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    Military probing whether cancers linked to nuclear silo work

    WASHINGTON (AP) – Nine military officers who had worked decades ago at a nuclear missile base in Montana have been diagnosed with blood cancer and there are “indications” the disease may be linked to their service, according to military briefing slides obtained by The Associated Press (AP). One of the officers has died.

    All of the officers, known as missileers, were assigned 25 years ago to Malmstrom Air Force Base (AFB), home to a vast field of 150 Minuteman III intercontinental ballistic missile silos.

    The nine officers were diagnosed with non-Hodgkin lymphoma, according to a January briefing by United States (US) Space Force Lieutenant Colonel Daniel Sebeck.

    Missileers ride caged elevators deep underground into a small operations bunker encased in a thick wall of concrete and steel. They remain there sometimes for days, ready to turn the launch keys if ordered to by the president.

    “There are indications of a possible association between cancer and missile combat crew service at Malmstrom AFB,” Sebeck said in slides presented to his Space Force unit this month. The “disproportionate number of missileers presenting with cancer, specifically lymphoma” was concerning, he said. Sebeck declined to comment when contacted by email by the AP, saying the slides were “predecisional”.

    An inert Minuteman III missile is seen in a training launch tube at Minot Air Force Base, North Dakota, United States. PHOTO: AP

    In the slides, he said the issue was important to the Space Force because as many as 455 former missileers are now serving as Space Force officers, including at least four of the nine identified in the slides. In a statement to the AP, Air Force spokeswoman Ann Stefanek said that “senior leaders are aware of the concerns raised about the possible association of cancer related to missile combat crew members at Malmstrom AFB”.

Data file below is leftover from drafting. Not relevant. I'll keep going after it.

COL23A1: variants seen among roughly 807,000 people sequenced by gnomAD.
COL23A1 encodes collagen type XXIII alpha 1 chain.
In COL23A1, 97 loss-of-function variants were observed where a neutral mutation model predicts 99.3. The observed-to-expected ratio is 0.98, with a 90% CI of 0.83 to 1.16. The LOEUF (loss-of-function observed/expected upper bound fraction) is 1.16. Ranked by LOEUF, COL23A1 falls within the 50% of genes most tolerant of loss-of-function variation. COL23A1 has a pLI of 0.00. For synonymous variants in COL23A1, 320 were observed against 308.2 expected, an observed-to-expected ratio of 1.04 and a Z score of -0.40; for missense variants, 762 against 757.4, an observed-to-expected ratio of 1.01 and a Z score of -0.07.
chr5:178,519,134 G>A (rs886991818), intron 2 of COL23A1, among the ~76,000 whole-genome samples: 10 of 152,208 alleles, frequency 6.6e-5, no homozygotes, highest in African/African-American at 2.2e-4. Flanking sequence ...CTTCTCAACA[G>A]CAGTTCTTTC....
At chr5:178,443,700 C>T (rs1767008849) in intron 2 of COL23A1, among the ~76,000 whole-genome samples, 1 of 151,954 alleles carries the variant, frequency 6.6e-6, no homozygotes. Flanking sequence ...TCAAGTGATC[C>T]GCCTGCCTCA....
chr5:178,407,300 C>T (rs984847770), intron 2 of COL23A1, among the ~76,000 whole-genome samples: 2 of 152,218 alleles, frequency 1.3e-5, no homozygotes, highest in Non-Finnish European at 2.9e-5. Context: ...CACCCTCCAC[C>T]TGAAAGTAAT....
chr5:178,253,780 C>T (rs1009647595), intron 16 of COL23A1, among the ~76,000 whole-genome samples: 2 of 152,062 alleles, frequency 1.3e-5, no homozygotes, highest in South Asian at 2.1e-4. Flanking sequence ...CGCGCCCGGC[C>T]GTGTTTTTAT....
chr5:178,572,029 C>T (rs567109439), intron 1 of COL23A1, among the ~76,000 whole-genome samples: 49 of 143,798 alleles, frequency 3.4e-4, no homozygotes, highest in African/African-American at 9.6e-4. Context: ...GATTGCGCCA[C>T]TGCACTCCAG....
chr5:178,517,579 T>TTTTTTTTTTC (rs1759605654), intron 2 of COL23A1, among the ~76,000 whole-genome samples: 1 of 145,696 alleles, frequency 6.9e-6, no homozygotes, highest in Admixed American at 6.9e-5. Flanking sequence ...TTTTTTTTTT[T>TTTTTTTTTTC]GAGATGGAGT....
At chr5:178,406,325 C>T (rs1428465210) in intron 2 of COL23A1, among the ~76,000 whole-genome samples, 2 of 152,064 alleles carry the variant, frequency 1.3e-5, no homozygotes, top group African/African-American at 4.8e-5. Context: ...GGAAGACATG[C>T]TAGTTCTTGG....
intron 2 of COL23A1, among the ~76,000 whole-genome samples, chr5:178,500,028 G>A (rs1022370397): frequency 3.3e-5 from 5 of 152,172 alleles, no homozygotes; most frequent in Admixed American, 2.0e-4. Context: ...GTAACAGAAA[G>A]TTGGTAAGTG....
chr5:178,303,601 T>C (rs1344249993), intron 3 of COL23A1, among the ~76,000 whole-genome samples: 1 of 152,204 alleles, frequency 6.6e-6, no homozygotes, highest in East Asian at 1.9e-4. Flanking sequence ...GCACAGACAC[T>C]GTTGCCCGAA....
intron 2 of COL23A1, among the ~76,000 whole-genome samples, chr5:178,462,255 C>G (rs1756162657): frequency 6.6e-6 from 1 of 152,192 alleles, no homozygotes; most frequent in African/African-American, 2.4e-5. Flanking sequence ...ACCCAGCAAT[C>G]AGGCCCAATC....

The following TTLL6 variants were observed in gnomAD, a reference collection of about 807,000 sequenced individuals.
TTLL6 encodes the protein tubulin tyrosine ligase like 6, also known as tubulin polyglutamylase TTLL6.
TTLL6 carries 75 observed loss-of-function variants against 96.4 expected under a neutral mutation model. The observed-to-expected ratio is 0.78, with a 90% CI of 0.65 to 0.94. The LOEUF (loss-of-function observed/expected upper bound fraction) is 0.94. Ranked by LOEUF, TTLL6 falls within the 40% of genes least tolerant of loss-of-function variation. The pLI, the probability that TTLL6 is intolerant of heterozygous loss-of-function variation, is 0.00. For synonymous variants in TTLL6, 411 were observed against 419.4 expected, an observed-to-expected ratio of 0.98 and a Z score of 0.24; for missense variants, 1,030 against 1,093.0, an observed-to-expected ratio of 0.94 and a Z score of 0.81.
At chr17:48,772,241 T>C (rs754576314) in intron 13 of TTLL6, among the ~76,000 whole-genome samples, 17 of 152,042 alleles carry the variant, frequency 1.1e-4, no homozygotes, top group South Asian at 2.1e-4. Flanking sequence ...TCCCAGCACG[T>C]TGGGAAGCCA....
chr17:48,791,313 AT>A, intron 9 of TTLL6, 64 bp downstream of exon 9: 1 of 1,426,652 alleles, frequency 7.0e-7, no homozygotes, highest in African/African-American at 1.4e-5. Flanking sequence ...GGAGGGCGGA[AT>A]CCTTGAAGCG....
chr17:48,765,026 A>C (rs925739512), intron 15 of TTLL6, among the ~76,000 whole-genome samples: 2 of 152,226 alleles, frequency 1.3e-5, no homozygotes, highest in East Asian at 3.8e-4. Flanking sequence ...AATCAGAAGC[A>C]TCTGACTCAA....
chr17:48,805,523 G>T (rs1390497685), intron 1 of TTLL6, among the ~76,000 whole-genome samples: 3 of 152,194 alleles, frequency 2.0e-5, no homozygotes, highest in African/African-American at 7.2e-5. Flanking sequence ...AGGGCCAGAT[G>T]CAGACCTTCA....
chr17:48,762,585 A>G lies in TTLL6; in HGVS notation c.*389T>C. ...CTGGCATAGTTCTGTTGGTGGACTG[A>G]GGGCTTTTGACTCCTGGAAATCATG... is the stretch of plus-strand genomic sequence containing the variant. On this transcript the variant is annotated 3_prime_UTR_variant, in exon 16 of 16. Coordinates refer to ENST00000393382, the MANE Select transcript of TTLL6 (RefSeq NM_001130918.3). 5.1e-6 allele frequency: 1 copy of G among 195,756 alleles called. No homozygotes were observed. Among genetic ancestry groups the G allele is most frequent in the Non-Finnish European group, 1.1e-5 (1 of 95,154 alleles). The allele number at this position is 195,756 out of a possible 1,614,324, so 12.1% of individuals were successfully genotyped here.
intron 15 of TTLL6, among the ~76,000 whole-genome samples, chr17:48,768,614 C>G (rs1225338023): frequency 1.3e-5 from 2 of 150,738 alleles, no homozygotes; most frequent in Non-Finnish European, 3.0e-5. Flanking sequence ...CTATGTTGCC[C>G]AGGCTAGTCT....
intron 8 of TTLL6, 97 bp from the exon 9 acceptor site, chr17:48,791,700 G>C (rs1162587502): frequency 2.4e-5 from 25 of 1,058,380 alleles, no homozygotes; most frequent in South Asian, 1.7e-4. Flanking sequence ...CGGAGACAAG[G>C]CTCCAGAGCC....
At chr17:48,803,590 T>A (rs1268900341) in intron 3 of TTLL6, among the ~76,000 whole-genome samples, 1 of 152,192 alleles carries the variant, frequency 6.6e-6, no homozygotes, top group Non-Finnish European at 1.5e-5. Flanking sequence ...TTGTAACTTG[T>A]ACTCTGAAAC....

Stefanek added, “The information in this briefing has been shared with the Department of the Air Force surgeon general and our medical professionals are working to gather data and understand more.”

    Non-Hodgkin lymphoma, which according to the American Cancer Society affects an estimated 19 out of every 100,000 people in the US annually, is a blood cancer that uses the body’s infection-fighting lymph system to spread. For comparison, only about 3,300 troops are based at Malmstrom at a time, and only about 400 of those are assigned either as missileers or as support for those operators. It is one of three bases in the US that operate a total of 400 siloed Minutemen III ICBMs, including fields at Minot Air Force Base in North Dakota and F,E Warren Air Force Base in Wyoming.

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